When Grief Gets Complicated

2018-01-11T21:22:56+00:00 January 11th, 2018|

Dr. Jessica Zitter

Psychology Today

Linda was a friend of a friend. As a doctor who practices both critical and palliative care medicine, I am frequently invited into the lives of people I may not know by desperate loved ones. I never met Linda in person, only through an impressive email journal her husband John wrote during the ordeal of her illness. Our mutual friend had forwarded me the journal, with John’s permission, in the hope that I might be able to help.

Linda was born with a bad heart valve, which had required replacement and a pacemaker a few years back. But the delicate replacement valve had gotten chafed by an errant pacemaker wire, and scarred slowly down over time. It was a subtle undoing, not enough to be obvious, but enough to cause nagging health problems. A deformed valve can’t do its job, which is to prevent blood that has been pumped forward from sliding back. And the results over time can be terrible—rising pressures from blood backing up before reaching the heart cause swelling and dysfunction of organs, and the ineffective pumping of oxygenated blood out of the heart robs organs of the oxygen critical to life. Linda’s liver, a critical organ which can get permanently scarred by high pressures over time, had been found to have cirrhosis on biopsy, a serious and often life-limiting condition in and of itself. Medications to help the valve function better would never be effective enough to turn things around—only the surgeon’s knife might restore her heart function and prevent her liver from continuing to scar down. But her poor medical status made heart-valve surgery very risky. And the surgeons wouldn’t even know if surgery would be technically possible until her heart was open on the table. Her cardiologist recommended that she go across the country to a highly respected institution in the midwest that specializes in such surgeries. Their cardiac surgeons were considered the A-team for managing problem valves.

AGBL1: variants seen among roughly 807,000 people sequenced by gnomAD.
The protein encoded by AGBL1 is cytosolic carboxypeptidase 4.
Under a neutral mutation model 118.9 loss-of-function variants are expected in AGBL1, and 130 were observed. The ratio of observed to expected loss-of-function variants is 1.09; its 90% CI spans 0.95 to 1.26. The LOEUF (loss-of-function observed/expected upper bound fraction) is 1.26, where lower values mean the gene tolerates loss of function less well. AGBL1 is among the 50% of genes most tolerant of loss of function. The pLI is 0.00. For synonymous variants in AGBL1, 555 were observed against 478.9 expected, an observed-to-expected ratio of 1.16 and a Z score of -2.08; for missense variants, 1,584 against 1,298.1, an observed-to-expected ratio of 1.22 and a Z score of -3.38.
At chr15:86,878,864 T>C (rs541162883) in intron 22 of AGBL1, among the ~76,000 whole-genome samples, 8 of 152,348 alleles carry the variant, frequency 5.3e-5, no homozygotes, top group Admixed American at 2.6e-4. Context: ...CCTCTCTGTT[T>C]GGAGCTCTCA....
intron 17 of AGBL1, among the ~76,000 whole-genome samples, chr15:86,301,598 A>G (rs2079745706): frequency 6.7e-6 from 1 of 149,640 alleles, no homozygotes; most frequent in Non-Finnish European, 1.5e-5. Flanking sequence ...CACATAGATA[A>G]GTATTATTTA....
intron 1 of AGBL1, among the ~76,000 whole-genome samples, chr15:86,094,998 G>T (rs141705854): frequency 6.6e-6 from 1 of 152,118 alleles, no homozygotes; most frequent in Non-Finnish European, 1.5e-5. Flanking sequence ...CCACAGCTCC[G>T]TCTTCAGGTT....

Her husband John, a civil engineer, possessed all of the traits of an excellent advocate. First, he was completely devoted to Linda and her recovery. A photo he sent to his readers shows him at the head of Linda’s bed smiling and dressed in a T-shirt that reads “Linda’s Advocate” in bright red capital letters.

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